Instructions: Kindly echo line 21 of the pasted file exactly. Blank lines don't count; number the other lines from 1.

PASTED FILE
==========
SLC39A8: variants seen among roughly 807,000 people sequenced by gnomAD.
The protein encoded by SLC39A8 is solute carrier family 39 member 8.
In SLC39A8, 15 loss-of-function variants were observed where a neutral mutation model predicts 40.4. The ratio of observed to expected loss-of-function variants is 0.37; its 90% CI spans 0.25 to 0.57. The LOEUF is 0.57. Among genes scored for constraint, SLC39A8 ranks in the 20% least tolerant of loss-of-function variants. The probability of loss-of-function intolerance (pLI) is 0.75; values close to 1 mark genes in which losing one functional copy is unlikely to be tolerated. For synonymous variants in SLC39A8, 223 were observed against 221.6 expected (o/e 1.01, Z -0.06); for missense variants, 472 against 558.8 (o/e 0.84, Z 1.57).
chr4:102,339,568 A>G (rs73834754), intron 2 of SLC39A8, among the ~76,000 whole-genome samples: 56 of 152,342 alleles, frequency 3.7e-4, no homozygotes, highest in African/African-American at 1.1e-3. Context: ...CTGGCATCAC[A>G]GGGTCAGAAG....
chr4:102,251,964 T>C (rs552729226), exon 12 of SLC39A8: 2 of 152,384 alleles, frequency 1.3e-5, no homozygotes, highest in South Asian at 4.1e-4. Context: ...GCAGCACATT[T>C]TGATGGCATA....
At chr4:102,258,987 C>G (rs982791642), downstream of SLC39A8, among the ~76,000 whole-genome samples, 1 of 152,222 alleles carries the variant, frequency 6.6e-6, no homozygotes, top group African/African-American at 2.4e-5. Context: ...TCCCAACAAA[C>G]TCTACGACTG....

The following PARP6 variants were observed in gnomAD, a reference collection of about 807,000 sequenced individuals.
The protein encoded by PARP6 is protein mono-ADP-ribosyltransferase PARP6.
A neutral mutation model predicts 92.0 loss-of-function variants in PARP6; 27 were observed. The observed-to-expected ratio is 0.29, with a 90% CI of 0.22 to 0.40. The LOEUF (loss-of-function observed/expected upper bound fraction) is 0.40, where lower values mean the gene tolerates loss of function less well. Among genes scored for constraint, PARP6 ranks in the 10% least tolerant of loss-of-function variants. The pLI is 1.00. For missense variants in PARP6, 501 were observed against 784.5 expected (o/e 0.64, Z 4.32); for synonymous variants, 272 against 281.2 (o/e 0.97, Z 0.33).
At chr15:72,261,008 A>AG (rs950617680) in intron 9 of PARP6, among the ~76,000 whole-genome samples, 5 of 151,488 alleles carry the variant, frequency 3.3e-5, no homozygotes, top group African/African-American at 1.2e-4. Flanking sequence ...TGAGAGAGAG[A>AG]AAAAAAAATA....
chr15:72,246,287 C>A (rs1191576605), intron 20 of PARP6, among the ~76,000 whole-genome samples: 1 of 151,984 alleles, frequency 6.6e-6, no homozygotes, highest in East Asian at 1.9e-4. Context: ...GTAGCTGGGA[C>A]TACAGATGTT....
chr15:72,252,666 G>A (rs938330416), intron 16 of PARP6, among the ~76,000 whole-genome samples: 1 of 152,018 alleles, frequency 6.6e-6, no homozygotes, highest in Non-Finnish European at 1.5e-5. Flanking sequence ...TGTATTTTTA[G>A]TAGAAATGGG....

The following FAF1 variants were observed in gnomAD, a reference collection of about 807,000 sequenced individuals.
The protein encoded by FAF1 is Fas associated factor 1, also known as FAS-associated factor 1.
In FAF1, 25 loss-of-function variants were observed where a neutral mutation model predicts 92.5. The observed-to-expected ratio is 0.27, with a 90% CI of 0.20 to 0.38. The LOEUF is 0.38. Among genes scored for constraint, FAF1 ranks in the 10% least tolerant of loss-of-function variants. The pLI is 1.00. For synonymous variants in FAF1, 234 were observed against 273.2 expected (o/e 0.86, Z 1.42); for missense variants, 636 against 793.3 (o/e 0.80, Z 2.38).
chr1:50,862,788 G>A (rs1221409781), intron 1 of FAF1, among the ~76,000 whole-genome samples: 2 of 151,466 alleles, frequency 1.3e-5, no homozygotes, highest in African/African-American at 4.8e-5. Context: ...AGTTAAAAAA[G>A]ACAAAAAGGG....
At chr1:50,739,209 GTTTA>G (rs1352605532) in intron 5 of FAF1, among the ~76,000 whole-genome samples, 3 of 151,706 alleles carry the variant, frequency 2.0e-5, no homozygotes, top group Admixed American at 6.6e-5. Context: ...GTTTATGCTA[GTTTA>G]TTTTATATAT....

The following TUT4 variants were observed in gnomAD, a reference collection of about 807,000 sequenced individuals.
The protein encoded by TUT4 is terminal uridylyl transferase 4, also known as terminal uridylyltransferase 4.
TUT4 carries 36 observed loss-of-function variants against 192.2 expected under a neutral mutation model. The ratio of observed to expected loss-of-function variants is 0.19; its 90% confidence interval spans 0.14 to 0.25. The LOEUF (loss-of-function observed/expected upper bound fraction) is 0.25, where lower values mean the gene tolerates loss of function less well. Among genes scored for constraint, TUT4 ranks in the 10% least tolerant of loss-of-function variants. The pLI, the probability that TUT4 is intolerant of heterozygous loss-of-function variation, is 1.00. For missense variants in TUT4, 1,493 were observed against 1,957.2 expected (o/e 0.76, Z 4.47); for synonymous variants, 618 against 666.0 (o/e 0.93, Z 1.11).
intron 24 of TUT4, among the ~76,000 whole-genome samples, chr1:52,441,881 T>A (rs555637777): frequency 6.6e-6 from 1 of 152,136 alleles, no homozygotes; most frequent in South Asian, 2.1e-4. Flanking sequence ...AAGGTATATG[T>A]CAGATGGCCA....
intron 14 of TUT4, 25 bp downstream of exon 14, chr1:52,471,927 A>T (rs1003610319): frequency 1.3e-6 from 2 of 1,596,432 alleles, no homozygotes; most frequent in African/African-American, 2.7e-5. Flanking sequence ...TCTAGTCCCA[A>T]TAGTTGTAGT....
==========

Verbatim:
intron 24 of TUT4, among the ~76,000 whole-genome samples, chr1:52,441,881 T>A (rs555637777): frequency 6.6e-6 from 1 of 152,136 alleles, no homozygotes; most frequent in South Asian, 2.1e-4. Flanking sequence ...AAGGTATATG[T>A]CAGATGGCCA....